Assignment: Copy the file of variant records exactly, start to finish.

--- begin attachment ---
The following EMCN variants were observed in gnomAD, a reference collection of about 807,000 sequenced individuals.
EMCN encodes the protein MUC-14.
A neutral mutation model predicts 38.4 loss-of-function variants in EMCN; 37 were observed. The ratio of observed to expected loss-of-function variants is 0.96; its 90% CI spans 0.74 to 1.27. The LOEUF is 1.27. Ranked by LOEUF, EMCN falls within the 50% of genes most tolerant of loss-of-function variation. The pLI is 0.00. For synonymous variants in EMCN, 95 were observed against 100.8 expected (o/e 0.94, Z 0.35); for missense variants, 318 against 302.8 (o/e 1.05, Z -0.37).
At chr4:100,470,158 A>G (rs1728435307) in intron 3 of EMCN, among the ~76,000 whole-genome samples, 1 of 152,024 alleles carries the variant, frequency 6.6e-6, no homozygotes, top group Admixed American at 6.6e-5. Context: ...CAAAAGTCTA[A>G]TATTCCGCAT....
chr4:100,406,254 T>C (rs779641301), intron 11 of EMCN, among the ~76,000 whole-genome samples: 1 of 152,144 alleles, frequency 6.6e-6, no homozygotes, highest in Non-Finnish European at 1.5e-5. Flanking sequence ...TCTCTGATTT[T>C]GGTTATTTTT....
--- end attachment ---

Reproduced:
The following EMCN variants were observed in gnomAD, a reference collection of about 807,000 sequenced individuals.
EMCN encodes the protein MUC-14.
A neutral mutation model predicts 38.4 loss-of-function variants in EMCN; 37 were observed. The ratio of observed to expected loss-of-function variants is 0.96; its 90% CI spans 0.74 to 1.27. The LOEUF is 1.27. Ranked by LOEUF, EMCN falls within the 50% of genes most tolerant of loss-of-function variation. The pLI is 0.00. For synonymous variants in EMCN, 95 were observed against 100.8 expected (o/e 0.94, Z 0.35); for missense variants, 318 against 302.8 (o/e 1.05, Z -0.37).
At chr4:100,470,158 A>G (rs1728435307) in intron 3 of EMCN, among the ~76,000 whole-genome samples, 1 of 152,024 alleles carries the variant, frequency 6.6e-6, no homozygotes, top group Admixed American at 6.6e-5. Context: ...CAAAAGTCTA[A>G]TATTCCGCAT....
chr4:100,406,254 T>C (rs779641301), intron 11 of EMCN, among the ~76,000 whole-genome samples: 1 of 152,144 alleles, frequency 6.6e-6, no homozygotes, highest in Non-Finnish European at 1.5e-5. Flanking sequence ...TCTCTGATTT[T>C]GGTTATTTTT....